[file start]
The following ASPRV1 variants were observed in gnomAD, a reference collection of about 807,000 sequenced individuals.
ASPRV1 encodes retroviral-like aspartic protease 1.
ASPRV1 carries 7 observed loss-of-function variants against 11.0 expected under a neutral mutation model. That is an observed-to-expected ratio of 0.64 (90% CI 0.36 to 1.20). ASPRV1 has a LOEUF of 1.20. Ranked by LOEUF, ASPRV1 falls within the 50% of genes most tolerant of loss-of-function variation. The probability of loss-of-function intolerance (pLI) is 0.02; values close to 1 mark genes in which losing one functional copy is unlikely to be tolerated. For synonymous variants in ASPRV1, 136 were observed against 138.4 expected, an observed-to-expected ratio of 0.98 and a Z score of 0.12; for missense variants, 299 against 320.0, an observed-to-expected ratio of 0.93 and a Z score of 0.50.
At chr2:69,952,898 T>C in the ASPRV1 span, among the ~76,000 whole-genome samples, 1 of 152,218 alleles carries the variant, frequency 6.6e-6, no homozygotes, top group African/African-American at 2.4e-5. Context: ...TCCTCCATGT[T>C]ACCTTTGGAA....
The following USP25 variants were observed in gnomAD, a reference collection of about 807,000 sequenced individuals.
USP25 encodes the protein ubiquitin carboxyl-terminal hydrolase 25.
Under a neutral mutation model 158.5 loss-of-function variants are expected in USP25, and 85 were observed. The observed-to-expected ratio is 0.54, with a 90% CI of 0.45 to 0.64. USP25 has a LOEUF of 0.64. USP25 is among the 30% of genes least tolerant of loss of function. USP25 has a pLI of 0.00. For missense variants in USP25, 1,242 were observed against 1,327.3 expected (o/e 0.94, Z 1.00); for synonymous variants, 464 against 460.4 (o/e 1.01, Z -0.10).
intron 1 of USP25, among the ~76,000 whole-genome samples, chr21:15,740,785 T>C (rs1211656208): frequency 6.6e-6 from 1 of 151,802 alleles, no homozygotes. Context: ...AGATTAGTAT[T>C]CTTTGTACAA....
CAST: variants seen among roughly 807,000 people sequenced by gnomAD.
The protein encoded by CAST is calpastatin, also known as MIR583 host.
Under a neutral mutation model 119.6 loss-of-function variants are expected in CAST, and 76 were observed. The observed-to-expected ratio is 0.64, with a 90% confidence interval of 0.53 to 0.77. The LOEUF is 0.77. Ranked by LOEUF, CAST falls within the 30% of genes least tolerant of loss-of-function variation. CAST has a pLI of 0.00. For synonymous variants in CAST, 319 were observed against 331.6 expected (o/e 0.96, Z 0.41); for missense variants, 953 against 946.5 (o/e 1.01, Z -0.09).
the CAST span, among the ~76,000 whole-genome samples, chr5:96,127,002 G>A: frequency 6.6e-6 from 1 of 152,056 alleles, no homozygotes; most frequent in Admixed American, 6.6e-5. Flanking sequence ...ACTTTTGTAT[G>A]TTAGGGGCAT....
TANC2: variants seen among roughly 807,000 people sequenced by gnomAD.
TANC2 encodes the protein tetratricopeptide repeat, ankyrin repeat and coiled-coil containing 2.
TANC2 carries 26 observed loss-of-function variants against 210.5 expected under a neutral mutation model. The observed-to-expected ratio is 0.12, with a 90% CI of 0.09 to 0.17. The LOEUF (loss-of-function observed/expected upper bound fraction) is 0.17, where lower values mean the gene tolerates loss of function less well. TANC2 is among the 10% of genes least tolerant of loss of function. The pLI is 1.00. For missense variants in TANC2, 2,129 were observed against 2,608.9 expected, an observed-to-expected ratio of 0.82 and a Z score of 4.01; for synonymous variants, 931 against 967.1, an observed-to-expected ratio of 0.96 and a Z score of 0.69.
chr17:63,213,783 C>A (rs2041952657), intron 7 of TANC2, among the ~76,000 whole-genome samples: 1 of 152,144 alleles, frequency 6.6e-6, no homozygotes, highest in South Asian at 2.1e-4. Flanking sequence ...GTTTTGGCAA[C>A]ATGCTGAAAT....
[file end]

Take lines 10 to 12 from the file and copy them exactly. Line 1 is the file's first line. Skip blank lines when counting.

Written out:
The protein encoded by CAST is calpastatin, also known as MIR583 host.
Under a neutral mutation model 119.6 loss-of-function variants are expected in CAST, and 76 were observed. The observed-to-expected ratio is 0.64, with a 90% confidence interval of 0.53 to 0.77. The LOEUF is 0.77. Ranked by LOEUF, CAST falls within the 30% of genes least tolerant of loss-of-function variation. CAST has a pLI of 0.00. For synonymous variants in CAST, 319 were observed against 331.6 expected (o/e 0.96, Z 0.41); for missense variants, 953 against 946.5 (o/e 1.01, Z -0.09).
the CAST span, among the ~76,000 whole-genome samples, chr5:96,127,002 G>A: frequency 6.6e-6 from 1 of 152,056 alleles, no homozygotes; most frequent in Admixed American, 6.6e-5. Flanking sequence ...ACTTTTGTAT[G>A]TTAGGGGCAT....